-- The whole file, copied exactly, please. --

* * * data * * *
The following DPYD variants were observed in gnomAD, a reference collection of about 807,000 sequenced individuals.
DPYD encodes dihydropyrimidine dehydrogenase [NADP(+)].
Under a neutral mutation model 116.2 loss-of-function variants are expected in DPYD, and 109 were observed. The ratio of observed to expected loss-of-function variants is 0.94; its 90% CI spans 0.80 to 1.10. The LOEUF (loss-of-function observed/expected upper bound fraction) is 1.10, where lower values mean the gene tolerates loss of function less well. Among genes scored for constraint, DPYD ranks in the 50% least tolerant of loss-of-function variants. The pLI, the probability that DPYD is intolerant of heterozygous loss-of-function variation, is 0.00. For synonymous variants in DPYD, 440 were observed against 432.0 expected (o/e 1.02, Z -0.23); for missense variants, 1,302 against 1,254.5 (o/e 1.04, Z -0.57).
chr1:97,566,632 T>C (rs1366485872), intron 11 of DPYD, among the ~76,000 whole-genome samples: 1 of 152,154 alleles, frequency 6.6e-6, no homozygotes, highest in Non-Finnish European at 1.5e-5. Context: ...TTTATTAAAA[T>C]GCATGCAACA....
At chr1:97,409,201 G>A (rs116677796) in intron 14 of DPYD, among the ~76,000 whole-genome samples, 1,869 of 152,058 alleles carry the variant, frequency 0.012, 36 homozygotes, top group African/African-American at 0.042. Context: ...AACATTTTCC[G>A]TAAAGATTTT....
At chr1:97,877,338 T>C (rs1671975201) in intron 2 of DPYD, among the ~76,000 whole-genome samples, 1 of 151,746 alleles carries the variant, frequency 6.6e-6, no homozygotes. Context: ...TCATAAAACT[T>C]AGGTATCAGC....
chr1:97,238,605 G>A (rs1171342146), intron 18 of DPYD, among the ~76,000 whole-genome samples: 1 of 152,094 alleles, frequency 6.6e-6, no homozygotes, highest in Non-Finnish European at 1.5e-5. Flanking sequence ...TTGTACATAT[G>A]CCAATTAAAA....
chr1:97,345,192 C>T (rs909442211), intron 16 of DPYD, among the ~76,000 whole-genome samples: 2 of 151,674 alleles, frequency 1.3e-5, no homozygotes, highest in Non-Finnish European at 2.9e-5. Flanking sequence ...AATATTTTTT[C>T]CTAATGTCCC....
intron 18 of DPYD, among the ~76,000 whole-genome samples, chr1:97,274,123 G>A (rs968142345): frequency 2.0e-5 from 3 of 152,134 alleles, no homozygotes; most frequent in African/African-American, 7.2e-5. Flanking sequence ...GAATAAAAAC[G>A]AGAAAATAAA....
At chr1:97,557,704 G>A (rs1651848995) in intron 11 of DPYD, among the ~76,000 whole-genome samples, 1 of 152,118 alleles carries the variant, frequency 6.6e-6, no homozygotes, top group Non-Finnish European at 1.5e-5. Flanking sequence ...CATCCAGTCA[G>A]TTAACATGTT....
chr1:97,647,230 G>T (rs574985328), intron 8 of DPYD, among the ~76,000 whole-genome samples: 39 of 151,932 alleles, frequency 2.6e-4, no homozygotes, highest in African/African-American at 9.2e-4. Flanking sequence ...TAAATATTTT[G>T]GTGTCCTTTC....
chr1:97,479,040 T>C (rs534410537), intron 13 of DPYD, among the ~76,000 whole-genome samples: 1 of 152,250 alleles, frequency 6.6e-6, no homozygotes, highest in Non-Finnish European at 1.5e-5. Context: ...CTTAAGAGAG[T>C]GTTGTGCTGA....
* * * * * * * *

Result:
The following DPYD variants were observed in gnomAD, a reference collection of about 807,000 sequenced individuals.
DPYD encodes dihydropyrimidine dehydrogenase [NADP(+)].
Under a neutral mutation model 116.2 loss-of-function variants are expected in DPYD, and 109 were observed. The ratio of observed to expected loss-of-function variants is 0.94; its 90% CI spans 0.80 to 1.10. The LOEUF (loss-of-function observed/expected upper bound fraction) is 1.10, where lower values mean the gene tolerates loss of function less well. Among genes scored for constraint, DPYD ranks in the 50% least tolerant of loss-of-function variants. The pLI, the probability that DPYD is intolerant of heterozygous loss-of-function variation, is 0.00. For synonymous variants in DPYD, 440 were observed against 432.0 expected (o/e 1.02, Z -0.23); for missense variants, 1,302 against 1,254.5 (o/e 1.04, Z -0.57).
chr1:97,566,632 T>C (rs1366485872), intron 11 of DPYD, among the ~76,000 whole-genome samples: 1 of 152,154 alleles, frequency 6.6e-6, no homozygotes, highest in Non-Finnish European at 1.5e-5. Context: ...TTTATTAAAA[T>C]GCATGCAACA....
At chr1:97,409,201 G>A (rs116677796) in intron 14 of DPYD, among the ~76,000 whole-genome samples, 1,869 of 152,058 alleles carry the variant, frequency 0.012, 36 homozygotes, top group African/African-American at 0.042. Context: ...AACATTTTCC[G>A]TAAAGATTTT....
At chr1:97,877,338 T>C (rs1671975201) in intron 2 of DPYD, among the ~76,000 whole-genome samples, 1 of 151,746 alleles carries the variant, frequency 6.6e-6, no homozygotes. Context: ...TCATAAAACT[T>C]AGGTATCAGC....
chr1:97,238,605 G>A (rs1171342146), intron 18 of DPYD, among the ~76,000 whole-genome samples: 1 of 152,094 alleles, frequency 6.6e-6, no homozygotes, highest in Non-Finnish European at 1.5e-5. Flanking sequence ...TTGTACATAT[G>A]CCAATTAAAA....
chr1:97,345,192 C>T (rs909442211), intron 16 of DPYD, among the ~76,000 whole-genome samples: 2 of 151,674 alleles, frequency 1.3e-5, no homozygotes, highest in Non-Finnish European at 2.9e-5. Flanking sequence ...AATATTTTTT[C>T]CTAATGTCCC....
intron 18 of DPYD, among the ~76,000 whole-genome samples, chr1:97,274,123 G>A (rs968142345): frequency 2.0e-5 from 3 of 152,134 alleles, no homozygotes; most frequent in African/African-American, 7.2e-5. Flanking sequence ...GAATAAAAAC[G>A]AGAAAATAAA....
At chr1:97,557,704 G>A (rs1651848995) in intron 11 of DPYD, among the ~76,000 whole-genome samples, 1 of 152,118 alleles carries the variant, frequency 6.6e-6, no homozygotes, top group Non-Finnish European at 1.5e-5. Flanking sequence ...CATCCAGTCA[G>A]TTAACATGTT....
chr1:97,647,230 G>T (rs574985328), intron 8 of DPYD, among the ~76,000 whole-genome samples: 39 of 151,932 alleles, frequency 2.6e-4, no homozygotes, highest in African/African-American at 9.2e-4. Flanking sequence ...TAAATATTTT[G>T]GTGTCCTTTC....
chr1:97,479,040 T>C (rs534410537), intron 13 of DPYD, among the ~76,000 whole-genome samples: 1 of 152,250 alleles, frequency 6.6e-6, no homozygotes, highest in Non-Finnish European at 1.5e-5. Context: ...CTTAAGAGAG[T>C]GTTGTGCTGA....